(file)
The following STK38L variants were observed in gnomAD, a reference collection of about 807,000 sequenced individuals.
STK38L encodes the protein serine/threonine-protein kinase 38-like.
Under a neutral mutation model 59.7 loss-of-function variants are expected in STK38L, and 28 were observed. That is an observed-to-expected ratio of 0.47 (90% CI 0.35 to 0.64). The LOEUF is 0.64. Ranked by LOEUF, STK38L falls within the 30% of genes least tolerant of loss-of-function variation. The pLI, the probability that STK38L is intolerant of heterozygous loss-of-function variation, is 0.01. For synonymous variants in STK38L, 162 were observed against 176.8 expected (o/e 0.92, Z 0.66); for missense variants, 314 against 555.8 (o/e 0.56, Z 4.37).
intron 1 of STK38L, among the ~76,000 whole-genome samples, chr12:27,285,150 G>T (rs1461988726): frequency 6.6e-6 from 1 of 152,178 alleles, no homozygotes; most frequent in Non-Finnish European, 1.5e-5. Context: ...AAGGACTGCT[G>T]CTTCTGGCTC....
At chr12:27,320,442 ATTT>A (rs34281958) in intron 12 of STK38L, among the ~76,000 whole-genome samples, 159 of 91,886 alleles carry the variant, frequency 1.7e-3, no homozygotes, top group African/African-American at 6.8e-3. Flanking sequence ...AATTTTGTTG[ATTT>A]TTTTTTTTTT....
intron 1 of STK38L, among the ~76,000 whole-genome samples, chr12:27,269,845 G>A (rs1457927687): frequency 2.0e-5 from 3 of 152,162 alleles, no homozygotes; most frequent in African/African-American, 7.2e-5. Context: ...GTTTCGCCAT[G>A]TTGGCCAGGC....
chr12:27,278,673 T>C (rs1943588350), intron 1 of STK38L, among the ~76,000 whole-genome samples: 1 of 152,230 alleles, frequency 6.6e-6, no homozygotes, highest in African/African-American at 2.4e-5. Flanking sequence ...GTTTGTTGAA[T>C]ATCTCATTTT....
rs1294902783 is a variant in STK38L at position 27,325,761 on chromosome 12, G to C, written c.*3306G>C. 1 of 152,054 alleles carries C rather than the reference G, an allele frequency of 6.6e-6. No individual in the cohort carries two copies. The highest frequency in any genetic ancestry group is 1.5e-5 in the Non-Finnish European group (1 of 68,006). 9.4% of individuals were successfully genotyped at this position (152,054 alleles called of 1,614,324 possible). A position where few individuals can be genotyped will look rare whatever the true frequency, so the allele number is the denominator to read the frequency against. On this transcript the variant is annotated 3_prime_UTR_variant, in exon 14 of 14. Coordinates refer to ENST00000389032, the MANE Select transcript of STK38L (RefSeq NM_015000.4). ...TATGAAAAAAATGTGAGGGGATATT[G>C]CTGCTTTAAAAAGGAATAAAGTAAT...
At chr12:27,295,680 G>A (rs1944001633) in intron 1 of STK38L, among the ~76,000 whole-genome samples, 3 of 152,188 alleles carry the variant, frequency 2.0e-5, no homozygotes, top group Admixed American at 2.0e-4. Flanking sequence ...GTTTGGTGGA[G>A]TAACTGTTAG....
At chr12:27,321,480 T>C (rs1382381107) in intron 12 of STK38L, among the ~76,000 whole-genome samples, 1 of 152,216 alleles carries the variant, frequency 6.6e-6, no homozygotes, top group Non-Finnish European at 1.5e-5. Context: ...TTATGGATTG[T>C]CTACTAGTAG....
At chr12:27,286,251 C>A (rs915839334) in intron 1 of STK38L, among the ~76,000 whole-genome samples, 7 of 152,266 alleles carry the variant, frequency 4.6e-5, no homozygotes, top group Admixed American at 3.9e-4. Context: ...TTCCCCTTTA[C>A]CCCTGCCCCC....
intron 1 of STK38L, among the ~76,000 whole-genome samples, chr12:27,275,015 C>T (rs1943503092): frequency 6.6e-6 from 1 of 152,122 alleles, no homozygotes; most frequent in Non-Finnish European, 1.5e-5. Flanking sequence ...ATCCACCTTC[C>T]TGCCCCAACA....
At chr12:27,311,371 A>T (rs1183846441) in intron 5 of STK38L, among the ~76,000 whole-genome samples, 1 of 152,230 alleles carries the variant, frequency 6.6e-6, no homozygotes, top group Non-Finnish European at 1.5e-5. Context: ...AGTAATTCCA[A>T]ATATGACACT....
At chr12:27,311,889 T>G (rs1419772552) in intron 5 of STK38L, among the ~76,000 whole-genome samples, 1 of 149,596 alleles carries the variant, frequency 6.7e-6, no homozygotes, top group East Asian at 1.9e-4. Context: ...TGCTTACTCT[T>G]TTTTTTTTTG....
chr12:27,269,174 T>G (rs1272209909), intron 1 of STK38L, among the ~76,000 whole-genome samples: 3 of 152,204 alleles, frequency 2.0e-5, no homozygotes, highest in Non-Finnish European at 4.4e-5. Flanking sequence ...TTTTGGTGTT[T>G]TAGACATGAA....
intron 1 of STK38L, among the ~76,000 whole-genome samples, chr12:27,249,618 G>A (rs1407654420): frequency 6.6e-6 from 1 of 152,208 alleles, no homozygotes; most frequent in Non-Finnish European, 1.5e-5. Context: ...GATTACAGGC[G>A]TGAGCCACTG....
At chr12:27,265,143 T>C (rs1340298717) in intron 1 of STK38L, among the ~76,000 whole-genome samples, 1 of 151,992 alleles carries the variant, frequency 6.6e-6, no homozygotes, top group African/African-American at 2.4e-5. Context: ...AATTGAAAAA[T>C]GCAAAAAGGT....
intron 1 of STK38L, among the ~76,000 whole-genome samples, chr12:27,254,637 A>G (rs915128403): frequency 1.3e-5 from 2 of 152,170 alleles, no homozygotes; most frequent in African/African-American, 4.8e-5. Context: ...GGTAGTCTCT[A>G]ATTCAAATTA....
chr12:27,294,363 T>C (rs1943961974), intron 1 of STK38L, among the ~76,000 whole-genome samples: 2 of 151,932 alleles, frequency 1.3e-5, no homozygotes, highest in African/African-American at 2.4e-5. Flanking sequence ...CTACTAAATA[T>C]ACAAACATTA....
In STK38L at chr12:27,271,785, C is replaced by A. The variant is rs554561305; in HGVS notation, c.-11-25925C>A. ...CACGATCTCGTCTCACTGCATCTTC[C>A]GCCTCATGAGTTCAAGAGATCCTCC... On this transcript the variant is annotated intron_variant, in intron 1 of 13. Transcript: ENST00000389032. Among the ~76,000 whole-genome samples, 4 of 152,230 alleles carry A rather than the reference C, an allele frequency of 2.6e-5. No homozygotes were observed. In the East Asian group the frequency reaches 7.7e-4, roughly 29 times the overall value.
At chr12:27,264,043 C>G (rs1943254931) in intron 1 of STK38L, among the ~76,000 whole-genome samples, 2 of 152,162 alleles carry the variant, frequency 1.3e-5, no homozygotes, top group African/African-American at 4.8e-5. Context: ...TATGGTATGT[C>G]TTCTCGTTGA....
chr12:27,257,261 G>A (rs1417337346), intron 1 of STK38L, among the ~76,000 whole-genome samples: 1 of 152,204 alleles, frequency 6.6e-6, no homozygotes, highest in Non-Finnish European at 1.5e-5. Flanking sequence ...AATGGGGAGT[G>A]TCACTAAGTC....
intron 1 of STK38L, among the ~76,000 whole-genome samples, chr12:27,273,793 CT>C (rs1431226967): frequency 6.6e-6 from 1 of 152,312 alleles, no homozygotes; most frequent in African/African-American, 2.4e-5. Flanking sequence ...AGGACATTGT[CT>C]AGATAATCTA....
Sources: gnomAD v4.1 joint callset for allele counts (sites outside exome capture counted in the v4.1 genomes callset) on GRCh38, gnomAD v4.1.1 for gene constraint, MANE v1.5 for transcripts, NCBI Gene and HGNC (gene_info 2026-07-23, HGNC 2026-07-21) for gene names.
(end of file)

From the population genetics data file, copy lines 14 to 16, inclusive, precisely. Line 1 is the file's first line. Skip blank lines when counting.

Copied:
At chr12:27,311,889 T>G (rs1419772552) in intron 5 of STK38L, among the ~76,000 whole-genome samples, 1 of 149,596 alleles carries the variant, frequency 6.7e-6, no homozygotes, top group East Asian at 1.9e-4. Context: ...TGCTTACTCT[T>G]TTTTTTTTTG....
chr12:27,269,174 T>G (rs1272209909), intron 1 of STK38L, among the ~76,000 whole-genome samples: 3 of 152,204 alleles, frequency 2.0e-5, no homozygotes, highest in Non-Finnish European at 4.4e-5. Flanking sequence ...TTTTGGTGTT[T>G]TAGACATGAA....
intron 1 of STK38L, among the ~76,000 whole-genome samples, chr12:27,249,618 G>A (rs1407654420): frequency 6.6e-6 from 1 of 152,208 alleles, no homozygotes; most frequent in Non-Finnish European, 1.5e-5. Context: ...GATTACAGGC[G>A]TGAGCCACTG....